Authors: Catriona King
Tags: #Fiction & Literature
The Careless Word
Copyright © 2014 by Catriona King
Artwork: Crooked Cat
Editor: Andrew Angel
All rights reserved.
No part of this book may be used or reproduced in any manner whatsoever without written permission of the author or Crooked Cat Publishing except for brief quotations used for promotion or in reviews. This is a work of fiction. Names, characters, places, and incidents are used fictitiously. Any resemblance to actual persons living or dead, business establishments, events, or locales, is entirely coincidental.
First Black Line Edition, Crooked Cat Publishing Ltd. 2014
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About the Author
Catriona King trained as a doctor and a police Forensic Medical examiner in London, where she worked for many years. She worked closely with the Metropolitan Police on several occasions. In recent years, she has returned to live in Belfast.
She has written since childhood; fiction, fact and reporting. ‘The Careless Word’ is the eighth novel in the Craig Crime Series. Book nine in the Craig Crime Series, ‘The History Suite’, will be released in spring 2015, book ten, ‘The Sixth Estate’ is currently in edits.
My thanks to Northern Ireland for providing the inspiration for my books.
I would like to thank Crooked Cat Publishing for being so unfailingly supportive and cheerful.
My thanks to Andrew Angel as editor, and thanks to Leondra Clarke, owner of ‘Forever Bridal’, Belfast.
And I would like to thank all of the police officers that I have ever worked with, anywhere, for their unfailing professionalism, wit and compassion.
Belfast, November 2014
Also by Catriona King
The Craig Crime Series
A Limited Justice
The Grass Tattoo
The Waiting Room
The Broken Shore
The Slowest Cut
The Coercion Key
The Careless Word
The History Suite
The Sixth Estate
Discover more at:
where the author can be contacted to engage about her books.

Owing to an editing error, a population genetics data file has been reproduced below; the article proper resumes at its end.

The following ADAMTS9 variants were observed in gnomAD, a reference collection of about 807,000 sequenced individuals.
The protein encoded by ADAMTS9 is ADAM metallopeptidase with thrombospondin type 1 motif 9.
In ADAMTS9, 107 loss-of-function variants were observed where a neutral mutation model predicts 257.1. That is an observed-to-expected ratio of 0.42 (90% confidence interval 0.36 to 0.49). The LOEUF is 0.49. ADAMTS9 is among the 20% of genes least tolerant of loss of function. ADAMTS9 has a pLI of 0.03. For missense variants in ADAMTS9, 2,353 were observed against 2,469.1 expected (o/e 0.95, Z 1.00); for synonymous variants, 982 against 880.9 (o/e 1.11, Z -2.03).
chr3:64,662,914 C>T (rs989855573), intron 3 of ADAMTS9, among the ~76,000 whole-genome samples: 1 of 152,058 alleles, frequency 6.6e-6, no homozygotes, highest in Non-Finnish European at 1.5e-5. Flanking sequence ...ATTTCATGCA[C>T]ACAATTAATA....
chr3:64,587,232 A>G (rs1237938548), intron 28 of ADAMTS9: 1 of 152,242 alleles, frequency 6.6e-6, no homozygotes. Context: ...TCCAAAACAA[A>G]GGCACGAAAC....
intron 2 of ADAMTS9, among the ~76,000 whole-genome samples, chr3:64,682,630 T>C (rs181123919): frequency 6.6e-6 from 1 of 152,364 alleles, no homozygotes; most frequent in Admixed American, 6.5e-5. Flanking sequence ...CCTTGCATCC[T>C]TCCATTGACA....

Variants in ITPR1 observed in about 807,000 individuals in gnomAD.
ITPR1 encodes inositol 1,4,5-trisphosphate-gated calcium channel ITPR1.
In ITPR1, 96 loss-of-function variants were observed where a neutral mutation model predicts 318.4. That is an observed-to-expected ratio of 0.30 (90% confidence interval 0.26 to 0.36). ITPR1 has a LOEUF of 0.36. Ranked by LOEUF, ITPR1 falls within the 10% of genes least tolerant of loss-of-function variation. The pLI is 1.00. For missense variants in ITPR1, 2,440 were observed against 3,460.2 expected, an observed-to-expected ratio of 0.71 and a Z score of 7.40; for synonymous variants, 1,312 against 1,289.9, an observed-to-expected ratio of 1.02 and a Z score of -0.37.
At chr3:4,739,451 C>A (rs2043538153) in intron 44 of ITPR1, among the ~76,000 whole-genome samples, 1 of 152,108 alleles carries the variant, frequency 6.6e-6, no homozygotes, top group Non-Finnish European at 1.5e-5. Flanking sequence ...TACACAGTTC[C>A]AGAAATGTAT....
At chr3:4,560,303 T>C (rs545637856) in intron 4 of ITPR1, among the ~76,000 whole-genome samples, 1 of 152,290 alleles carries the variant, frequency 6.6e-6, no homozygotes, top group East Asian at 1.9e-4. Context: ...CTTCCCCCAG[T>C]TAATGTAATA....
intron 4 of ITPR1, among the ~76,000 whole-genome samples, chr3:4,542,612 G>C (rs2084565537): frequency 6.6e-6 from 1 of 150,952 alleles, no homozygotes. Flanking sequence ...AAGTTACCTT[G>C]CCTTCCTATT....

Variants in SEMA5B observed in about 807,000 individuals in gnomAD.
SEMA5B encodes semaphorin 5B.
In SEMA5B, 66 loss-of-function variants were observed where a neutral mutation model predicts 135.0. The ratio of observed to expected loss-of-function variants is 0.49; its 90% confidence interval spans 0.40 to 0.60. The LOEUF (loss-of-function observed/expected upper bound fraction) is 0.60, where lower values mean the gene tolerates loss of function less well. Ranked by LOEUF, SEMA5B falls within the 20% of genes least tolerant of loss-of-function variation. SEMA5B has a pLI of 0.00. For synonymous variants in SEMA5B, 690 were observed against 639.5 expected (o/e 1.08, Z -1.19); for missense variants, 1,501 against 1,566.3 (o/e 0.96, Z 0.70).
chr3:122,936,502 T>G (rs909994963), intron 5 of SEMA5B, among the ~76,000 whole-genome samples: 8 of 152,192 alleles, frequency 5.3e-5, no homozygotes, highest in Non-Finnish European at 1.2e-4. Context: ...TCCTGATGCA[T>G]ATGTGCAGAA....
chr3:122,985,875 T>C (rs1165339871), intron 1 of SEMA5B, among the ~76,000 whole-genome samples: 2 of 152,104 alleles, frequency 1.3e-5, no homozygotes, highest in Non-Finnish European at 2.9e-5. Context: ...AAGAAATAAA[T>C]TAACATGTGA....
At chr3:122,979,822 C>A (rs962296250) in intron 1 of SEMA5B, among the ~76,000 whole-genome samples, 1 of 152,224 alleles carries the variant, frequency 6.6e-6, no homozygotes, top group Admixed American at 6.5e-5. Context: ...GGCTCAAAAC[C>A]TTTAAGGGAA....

The Careless Word
Belfast. Thursday 17th July 2014. 2 p.m.
The smoke cleared as the young man gazed around him, stunned in the near silence and caged-in by the debris that was all that remained of the small, quaint shop. Only a faint ringing in his ears and the ache in his head made it seem real.
Once-tall wooden shelves lay splintered on the floor and the books they’d held hid shredded and singed in what remained of corners, or floated as solitary pages across his view. In his shock the boy reached out to grasp one. He checked himself, dropping his hand to his side and shaking his head hard. Not to relieve the dull, high cadences of tinnitus, but in disbelief that he was still alive.
Surrounding him were bodies with their limbs heat-charred and locked forever in a pose, or lying feet from their owner beside the remnants of some other corpse. A dying man’s voice gasped one word; “Why?” His eyes begging for an answer to the destruction before it stole his life.
The young man gazed down vaguely, wiping blood from a cut on his hand. He turned the question over in his mind. “Why?” Why indeed? But his was a different why. Not why had this happened but why had he survived?
Docklands Coordinated Crime Unit. The Murder Squad. 3.30 p.m.
“Of course, you realise what this means?”
Liam Cullen threw his question across the squad-room expecting immediate attention and was sadly disappointed by the lack of reply. He cast a disgusted look around, seeking proof that he was being deliberately ignored. Except that he wasn’t. Only the team’s analyst, Davy Walsh, was present and he was busy; tapping at his computer, hunched over it like a man half his size and three times his age. Liam clambered to his feet and strode across to stand beside the young Emo, then he repeated the question again in his booming bass.
Davy recoiled from the noise, pressing both hands against his ears. “Ow! W…What the hell, Liam?”